ES Manuel Madrid Fruit Profits

Manuel Madrid is a former R&D director at Chiquita

During almost six years as Chiquita Brands International's director of research and development, based in Costa Rica, Manuel Madrid focused mainly on improving the group's post-harvest and crop disease protection systems by reducing costs, improving efficiency and lessening their impact on the environment. He was also responsible for developing the first environmental protection strategy at Chiquita's Latin American division, co-ordinating Rain forest Alliance certification in Costa Rica and Panama. As chief executive of Spanish company Fruit Profits, Madrid now offers specialised services to the international agribusiness and fresh produce industries, consulting on business development and general management.

What do you think has prompted Chiquita and Fyffes to join forces?

Manuel Madrid: Chiquita was having financial difficulties and its profitability was declining. On top of that, Chiquita had lost its banana expertise among the top management. Fyffes is stronger financially and still has a lot of expertise of the banana business. Chiquita will always be the leading brand, but it will benefit from Fyffes’ better management.

I think real leadership is provided by deep knowledge of the business; Chiquita had lost its market leadership with the the departure of most of the knowledgeable banana managers. The banana business cannot be run by Wall Street financial analysts or consultants.

I think Fyffes played the game beautifully: it became independent from Chiquita 30 years ago, it grew stronger and nimble, and it learned to play the licence game in Europe. At the same time, Chiquita became bureaucratic and detached from the business. Now the small, smart business buys the large dinosaur – a beautiful story of entrepreneurship and hard work.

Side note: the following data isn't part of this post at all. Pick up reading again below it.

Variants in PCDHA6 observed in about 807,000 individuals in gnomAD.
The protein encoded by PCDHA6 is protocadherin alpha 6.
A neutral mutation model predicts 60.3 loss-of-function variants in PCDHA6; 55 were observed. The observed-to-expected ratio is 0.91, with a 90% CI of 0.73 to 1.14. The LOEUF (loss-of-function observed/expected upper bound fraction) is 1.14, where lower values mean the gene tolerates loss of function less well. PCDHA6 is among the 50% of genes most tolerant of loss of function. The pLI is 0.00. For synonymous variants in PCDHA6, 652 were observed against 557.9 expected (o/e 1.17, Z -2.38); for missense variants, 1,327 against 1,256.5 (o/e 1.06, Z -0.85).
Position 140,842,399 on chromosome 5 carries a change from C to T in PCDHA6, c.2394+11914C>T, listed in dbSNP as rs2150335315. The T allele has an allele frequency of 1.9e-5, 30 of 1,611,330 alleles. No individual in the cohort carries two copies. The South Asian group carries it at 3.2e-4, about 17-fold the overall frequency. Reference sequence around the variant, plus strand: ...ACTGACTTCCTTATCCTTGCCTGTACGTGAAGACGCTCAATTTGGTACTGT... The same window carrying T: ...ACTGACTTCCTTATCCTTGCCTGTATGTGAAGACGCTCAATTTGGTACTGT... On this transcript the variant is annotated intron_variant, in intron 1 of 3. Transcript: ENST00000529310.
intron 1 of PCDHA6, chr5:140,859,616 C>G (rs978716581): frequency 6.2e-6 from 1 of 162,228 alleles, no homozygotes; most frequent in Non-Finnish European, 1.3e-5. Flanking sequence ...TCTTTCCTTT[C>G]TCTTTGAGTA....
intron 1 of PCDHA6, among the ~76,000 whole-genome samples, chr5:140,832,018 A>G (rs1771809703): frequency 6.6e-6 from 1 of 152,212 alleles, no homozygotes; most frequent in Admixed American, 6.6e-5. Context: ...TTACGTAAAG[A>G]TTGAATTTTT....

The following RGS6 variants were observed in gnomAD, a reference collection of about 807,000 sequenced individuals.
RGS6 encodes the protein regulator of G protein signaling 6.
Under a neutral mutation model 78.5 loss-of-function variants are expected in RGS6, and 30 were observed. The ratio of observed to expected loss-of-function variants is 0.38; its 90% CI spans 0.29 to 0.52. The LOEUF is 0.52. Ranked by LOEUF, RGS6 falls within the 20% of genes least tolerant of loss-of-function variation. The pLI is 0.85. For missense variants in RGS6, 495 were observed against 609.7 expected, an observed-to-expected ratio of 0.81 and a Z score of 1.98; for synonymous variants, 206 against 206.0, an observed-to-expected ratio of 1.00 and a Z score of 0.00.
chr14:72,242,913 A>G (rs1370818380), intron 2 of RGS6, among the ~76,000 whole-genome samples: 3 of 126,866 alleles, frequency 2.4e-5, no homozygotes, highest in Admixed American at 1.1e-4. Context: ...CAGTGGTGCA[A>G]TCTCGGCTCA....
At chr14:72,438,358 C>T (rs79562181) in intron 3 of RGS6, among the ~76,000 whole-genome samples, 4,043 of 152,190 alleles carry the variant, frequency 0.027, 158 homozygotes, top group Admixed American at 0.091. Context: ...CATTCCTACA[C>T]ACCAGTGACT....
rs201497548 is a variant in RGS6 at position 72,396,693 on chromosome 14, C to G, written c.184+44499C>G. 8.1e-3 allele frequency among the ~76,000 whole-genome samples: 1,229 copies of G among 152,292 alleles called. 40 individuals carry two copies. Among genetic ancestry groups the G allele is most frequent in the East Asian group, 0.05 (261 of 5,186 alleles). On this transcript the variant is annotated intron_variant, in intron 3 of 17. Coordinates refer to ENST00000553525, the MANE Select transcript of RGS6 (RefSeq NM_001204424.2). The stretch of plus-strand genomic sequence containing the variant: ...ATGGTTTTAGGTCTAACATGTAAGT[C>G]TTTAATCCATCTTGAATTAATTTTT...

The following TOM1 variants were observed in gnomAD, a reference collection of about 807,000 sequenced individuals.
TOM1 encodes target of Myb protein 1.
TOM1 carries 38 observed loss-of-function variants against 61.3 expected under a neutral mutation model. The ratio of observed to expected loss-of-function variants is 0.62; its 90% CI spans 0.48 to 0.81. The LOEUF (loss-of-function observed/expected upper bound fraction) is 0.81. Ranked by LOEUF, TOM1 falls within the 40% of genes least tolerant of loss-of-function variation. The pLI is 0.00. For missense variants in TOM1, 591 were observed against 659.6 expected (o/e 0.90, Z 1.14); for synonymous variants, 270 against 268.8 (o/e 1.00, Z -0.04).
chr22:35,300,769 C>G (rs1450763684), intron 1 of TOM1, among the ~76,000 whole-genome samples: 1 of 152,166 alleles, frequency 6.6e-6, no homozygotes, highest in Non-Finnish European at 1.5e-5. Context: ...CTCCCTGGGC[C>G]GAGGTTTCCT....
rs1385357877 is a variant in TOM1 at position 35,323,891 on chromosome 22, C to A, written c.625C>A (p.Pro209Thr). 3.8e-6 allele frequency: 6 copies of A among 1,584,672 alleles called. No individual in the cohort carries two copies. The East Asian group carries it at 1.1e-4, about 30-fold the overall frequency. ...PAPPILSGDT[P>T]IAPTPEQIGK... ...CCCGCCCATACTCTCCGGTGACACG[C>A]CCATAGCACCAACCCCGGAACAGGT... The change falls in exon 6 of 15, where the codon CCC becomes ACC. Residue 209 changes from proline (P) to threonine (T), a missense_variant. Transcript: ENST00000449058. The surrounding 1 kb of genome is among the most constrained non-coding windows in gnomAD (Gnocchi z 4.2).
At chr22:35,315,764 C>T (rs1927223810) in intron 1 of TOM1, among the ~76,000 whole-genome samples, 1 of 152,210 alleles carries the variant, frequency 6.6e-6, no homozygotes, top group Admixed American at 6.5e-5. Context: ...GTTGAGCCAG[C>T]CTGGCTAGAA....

How is the deal likely to help each company?

MM: Fyffes wins a stronger marketing presence in all markets with a powerful brand. Africa and Asia are the key squares in the future banana game – Africa for production, Asia for consumption. I think the market expansion will be in Asia.

I think with better management and more financial muscle Chiquita can win market share. It becomes a stronger competitor for Dole and Del Monte.

I think bananas as of today are a commodity though, so this merger will not affect the price. ChiquitaFyffes will have more negotiation power in front of retailers. There may be consolidation of ports and shipping to gain economies of scale, although Chiquita does not own its own vessels anymore.

What about new product development? Will the companies seek to introduce new varieties?

MM: The value in the supply chain is provided by better products, innovation and better marketing, so removing links in the chain only adds value to the consumer. The only advantage in the market will come from innovation, which stalled in Chiquita over the last 15 years.

In fact, I do not see a lot of innovation in either company: there are no new banana varieties in the horizon short term, but there can be a lot of innovation in production systems, sustainability and logistic and post-harvest technologies. Innovation and technology (in production transport and retail) and better marketing ideas are the only sources of value.

If ChiquitaFyffes concentrates on innovation and hires innovative entrepreneurial people, it will thrive. If it remains a classic, big bureaucratic banana company, its only advantage will be economies of scale, and eventually it will face commoditisation and price war. I hope they choose the first road; it will be more fun for everybody in the business and better value for the customer.

What does the deal mean for Univeg, Chiquita's biggest banana distributor in Europe?

MM: Univeg may decide to find an alternative banana supplier. I do not think it makes sense for Univeg to make its competitor Fyffes / Total Produce stronger.

Will the Chiquita Europe headquarters remain in Rolle?

MM: This is the second time that Chiquita moved its office to Switzerland, I do not think they will stay there long. Switzerland is not a banana country either, logistics and closeness to the business are more important than tax considerations when you select a headquarter location.